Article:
Fox News is apparently allowing host Sean Hannity to appear as a "special guest" at President Donald Trump's final rally of the midterm season.
Hannity's involvement was promoted in a Trump campaign press release on Sunday afternoon. Rush Limbaugh will also be there, the campaign said, promising "special guest appearances" by both men at the rally in Cape Girardeau, Missouri.
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Monday's rally plan reaffirms how the Trump White House and parts of the conservative media ecosystem have effectively merged. Many Trump fans have cheered this development, but it opens up Hannity and Limbaugh to criticism. After all, MSNBC's Rachel Maddow was never a "special guest" at a Barack Obama speech. Fox's Bill O'Reilly was never a "special guest" at a George W. Bush event.
So it's quite a sight to see a Trump press release promoting TV and radio stars as his "special guests."
Hannity is not a journalist, but he works at a hugely popular network with "News" in its name, alongside staffers who have to follow policies that forbid this type of political involvement.
Perhaps that's why Fox News reacted to the press release by saying that Hannity is not sponsoring the rally or campaigning for Trump.
A Fox spokeswoman said that Hannity will host his 9 p.m. show from the rally site, and he will interview Trump there.
The White House's communications team, led by former Fox News co-president Bill Shine, set up a similar on-site interview in Las Vegas in September. Trump arrived at the arena, walked up to Hannity's stage for a live chat, then began his rally. It was a made for prime time package, and Monday looks similar.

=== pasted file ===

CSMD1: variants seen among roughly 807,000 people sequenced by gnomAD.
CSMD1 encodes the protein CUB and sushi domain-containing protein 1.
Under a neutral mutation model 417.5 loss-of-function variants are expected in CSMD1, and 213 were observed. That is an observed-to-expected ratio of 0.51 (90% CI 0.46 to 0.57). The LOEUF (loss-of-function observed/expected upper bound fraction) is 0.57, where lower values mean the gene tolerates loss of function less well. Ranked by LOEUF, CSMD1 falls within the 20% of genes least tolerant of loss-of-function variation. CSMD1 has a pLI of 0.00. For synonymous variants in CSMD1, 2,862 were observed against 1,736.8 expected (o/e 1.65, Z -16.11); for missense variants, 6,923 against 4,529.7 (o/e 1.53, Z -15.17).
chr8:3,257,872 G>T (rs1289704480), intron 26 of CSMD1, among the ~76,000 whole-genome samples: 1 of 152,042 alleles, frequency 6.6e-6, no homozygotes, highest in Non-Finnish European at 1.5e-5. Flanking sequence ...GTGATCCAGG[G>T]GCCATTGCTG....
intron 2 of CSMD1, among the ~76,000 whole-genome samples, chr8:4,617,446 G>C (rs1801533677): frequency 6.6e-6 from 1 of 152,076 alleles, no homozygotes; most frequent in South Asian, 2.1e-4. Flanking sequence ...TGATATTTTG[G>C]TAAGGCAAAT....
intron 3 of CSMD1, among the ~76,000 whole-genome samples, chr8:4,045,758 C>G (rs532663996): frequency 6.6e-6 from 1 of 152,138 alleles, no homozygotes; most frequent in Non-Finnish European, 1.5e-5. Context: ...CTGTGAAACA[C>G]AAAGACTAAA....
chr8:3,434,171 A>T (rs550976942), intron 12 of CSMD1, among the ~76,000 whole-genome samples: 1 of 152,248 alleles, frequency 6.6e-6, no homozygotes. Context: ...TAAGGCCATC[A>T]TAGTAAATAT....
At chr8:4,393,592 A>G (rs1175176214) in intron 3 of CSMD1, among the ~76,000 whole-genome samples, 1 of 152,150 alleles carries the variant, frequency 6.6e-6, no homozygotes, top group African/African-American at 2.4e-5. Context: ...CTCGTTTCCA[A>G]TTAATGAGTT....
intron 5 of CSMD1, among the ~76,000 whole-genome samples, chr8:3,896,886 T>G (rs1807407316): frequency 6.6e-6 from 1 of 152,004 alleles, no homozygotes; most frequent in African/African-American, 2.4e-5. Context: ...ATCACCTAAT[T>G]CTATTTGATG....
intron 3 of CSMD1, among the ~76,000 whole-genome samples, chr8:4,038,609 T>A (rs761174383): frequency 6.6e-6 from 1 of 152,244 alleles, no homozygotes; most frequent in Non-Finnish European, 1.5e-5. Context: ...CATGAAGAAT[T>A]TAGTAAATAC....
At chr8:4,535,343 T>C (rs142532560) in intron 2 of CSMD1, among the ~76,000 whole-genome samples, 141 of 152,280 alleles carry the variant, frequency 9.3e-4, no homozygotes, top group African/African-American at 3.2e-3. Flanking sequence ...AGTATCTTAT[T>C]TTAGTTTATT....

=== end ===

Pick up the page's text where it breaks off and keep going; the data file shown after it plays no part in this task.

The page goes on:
But the Trump campaign isn't making a distinction between interviewing the president and showing up at the rally as a "special guest." The campaign's website encourages people to sign up for tickets to the event "w/Sean Hannity, Rush Limbaugh, & Lee Greenwood."
It is unusual to see Limbaugh showing up at a rally like this. The Trump campaign pointed out that Cape Girardeau is Limbaugh's hometown.
Trump's "willingness to bring them out on the campaign trail highlights once again how little space now exists between the White House and conservative media," professor and columnist Nicole Hemmer told CNN.
Hemmer, the author of "Messengers of the Right," about the history of conservative media, acknowledged that the merger is not surprising, "but it is a crucially important characteristic of the Trump administration and the conservative movement more broadly."
Given the midterm trends favoring Democrats, Hemmer said Hannity's and Limbaugh's appearances are "more a show of solidarity than a celebration of success."
Hannity and Limbaugh, the kings of conservative talk radio, have been emphasizing GOP get-out-the-vote efforts on their respective shows.
By going on Hannity's show on the eve of the election, Trump is guaranteed one more chance to speak directly to millions of his most loyal supporters. Hannity averages more than 3 million viewers a night.
In the past, Fox News has shown reluctance to have its talk show hosts participate in political events, even though some of the hosts openly campaign for the GOP on their shows.
In 2010, Fox forced Hannity to cancel his plans to appear at a Tea Party rally in Ohio.
At the time, Rupert Murdoch said, "I don't think we should be supporting the Tea Party or any other party."
Times have changed.
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